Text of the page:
Five Great Silent Film Romances From The 1920s
During the 1920s, the romance film genre was flourishing. Prior to this, the first feature film as defined by length, had been the 1906 Australian film, The Story of the Kelly Gang. As the feature film continued to develop, directors had the ability to tell more complex stories with emotional arcs which helped to fuel the romance film. Since the films were silent, the actors relied much more on their facial expressions and body movements to tell the story, and to show the chemistry between the actors.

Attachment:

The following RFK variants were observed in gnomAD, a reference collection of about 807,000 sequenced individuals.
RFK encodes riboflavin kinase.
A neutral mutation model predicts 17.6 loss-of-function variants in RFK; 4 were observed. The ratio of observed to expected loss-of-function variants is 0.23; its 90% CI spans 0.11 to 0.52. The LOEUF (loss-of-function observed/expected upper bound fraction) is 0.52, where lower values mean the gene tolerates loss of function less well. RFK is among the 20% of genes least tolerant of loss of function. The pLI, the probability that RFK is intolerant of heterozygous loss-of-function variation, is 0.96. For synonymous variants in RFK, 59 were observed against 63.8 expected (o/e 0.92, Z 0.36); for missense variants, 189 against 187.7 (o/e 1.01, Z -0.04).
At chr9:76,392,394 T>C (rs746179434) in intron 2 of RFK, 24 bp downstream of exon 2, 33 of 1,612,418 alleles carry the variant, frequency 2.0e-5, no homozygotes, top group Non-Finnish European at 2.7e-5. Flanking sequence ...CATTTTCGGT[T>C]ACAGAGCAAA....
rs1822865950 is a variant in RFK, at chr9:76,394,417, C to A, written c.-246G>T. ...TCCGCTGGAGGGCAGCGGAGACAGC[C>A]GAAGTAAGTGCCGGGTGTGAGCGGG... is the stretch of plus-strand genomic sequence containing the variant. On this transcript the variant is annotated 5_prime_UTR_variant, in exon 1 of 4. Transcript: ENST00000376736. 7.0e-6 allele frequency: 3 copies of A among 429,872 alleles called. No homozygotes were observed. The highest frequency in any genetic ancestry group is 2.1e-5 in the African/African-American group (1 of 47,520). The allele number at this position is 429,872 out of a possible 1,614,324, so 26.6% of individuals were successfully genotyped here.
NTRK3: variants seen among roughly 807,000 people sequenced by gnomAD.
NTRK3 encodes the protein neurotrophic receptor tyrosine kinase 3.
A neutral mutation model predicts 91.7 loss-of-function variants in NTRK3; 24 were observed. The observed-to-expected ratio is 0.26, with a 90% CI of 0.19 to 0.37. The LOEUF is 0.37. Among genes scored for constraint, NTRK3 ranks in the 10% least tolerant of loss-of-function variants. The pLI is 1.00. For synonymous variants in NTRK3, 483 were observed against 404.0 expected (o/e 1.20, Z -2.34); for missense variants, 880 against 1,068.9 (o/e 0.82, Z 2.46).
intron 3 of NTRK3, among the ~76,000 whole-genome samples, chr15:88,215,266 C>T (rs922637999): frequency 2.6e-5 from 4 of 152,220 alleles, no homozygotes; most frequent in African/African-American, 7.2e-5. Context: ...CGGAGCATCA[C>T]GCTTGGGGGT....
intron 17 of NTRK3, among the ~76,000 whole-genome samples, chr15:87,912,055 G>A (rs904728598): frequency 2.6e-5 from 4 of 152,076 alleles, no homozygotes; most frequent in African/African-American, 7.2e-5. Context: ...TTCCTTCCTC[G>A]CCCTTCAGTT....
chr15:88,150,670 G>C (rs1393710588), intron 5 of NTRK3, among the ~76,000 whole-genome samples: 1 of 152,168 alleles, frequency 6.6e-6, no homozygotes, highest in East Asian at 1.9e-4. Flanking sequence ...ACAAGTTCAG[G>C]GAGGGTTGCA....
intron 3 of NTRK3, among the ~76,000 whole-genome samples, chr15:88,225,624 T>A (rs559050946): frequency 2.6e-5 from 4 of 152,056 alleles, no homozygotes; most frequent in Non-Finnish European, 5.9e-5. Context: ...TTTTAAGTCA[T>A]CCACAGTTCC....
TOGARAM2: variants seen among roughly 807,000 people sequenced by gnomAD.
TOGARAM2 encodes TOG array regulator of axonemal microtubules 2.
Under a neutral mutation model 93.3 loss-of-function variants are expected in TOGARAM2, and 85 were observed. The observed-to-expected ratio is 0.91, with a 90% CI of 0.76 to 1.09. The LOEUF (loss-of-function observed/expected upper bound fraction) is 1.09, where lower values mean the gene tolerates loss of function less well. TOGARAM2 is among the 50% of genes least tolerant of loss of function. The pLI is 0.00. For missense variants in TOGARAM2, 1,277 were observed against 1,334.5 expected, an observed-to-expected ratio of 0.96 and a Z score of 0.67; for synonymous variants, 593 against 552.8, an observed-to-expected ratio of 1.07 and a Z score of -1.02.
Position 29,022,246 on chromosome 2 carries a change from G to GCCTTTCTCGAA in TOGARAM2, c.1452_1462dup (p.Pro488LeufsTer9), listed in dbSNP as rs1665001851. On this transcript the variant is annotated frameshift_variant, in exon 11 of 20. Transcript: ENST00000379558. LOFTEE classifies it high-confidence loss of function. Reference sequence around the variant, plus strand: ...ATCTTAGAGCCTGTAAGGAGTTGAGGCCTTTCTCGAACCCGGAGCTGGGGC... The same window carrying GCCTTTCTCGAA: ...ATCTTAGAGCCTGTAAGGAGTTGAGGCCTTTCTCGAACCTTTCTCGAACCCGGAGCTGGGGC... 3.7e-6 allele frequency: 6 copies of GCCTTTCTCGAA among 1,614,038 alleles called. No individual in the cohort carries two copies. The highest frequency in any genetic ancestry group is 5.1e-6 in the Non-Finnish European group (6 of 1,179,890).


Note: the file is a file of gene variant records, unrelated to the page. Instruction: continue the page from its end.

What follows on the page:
My Best Girl was a 1927 film starring Mary Pickford who played Merrill Department store stockgirl, Maggie Johnson. When she has to attend to the sales counter, she meets a man who calls himself Joe Grant, and who pretends to be interested in buying toys. Joe Grant is actually the son of the owner and is working as a stockboy to prove he is ready to be engaged. When the shift manager gives him his timecard, revealing that he is the new stockboy, Maggie takes him to the stockroom to make him get to work. Because he is inept, she calls him “The Dumbest Stockboy in the World,” but the romance between them develops and eventually Joe wants to take her out to dinner. When she refuses because of her clothing, he convinces her that they should eat at the Merrill mansion because the company’s motto is “We’re all a family.” Once they are in the mansion, Joe gets the butler to say “a Merrill employee eats here almost every night!” Meanwhile, Joe’s mother had planned a surprise engagement party, and they return home and find Joe and Maggie who are hiding under the table. He admits to Maggie that he is Joseph Merrill but can’t explain any further before his fiancée shows up and kisses him. Maggie witnesses this and leaves, heartbroken. When Joe catches up to her, she is in the courtroom after pleading for her sister Liz who has been arrested because of her association with her boyfriend. When the boyfriend makes comments about Maggie “taking up with the Merrill boy,” a fight, followed by a scandal ensues after Joe punches the boyfriend. Joe’s father plans to buy Maggie off and send Joe to Hawaii while the scandal blows over, but Joe wants to take Maggie. When Joe arrives to see Maggie, the two argue, and eventually, she tells him she can’t go because her family relies on her. However, her father hears this and insists that she go with Joe.